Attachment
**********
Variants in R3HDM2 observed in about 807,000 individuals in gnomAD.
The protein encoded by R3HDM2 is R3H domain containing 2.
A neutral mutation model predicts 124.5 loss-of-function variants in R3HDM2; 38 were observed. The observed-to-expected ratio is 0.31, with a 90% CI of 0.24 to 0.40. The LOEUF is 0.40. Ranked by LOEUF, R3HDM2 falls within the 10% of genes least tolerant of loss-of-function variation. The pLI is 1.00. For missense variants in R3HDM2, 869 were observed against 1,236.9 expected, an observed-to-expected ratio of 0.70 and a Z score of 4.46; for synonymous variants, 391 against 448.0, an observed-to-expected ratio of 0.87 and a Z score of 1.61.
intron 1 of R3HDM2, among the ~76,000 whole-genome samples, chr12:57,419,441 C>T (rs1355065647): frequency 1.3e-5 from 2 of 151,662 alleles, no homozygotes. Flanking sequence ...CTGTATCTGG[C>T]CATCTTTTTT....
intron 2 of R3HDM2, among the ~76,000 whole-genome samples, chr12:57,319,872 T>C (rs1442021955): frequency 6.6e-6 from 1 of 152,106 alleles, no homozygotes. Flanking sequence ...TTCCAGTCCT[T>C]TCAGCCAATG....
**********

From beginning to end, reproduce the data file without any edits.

Variants in R3HDM2 observed in about 807,000 individuals in gnomAD.
The protein encoded by R3HDM2 is R3H domain containing 2.
A neutral mutation model predicts 124.5 loss-of-function variants in R3HDM2; 38 were observed. The observed-to-expected ratio is 0.31, with a 90% CI of 0.24 to 0.40. The LOEUF is 0.40. Ranked by LOEUF, R3HDM2 falls within the 10% of genes least tolerant of loss-of-function variation. The pLI is 1.00. For missense variants in R3HDM2, 869 were observed against 1,236.9 expected, an observed-to-expected ratio of 0.70 and a Z score of 4.46; for synonymous variants, 391 against 448.0, an observed-to-expected ratio of 0.87 and a Z score of 1.61.
intron 1 of R3HDM2, among the ~76,000 whole-genome samples, chr12:57,419,441 C>T (rs1355065647): frequency 1.3e-5 from 2 of 151,662 alleles, no homozygotes. Flanking sequence ...CTGTATCTGG[C>T]CATCTTTTTT....
intron 2 of R3HDM2, among the ~76,000 whole-genome samples, chr12:57,319,872 T>C (rs1442021955): frequency 6.6e-6 from 1 of 152,106 alleles, no homozygotes. Flanking sequence ...TTCCAGTCCT[T>C]TCAGCCAATG....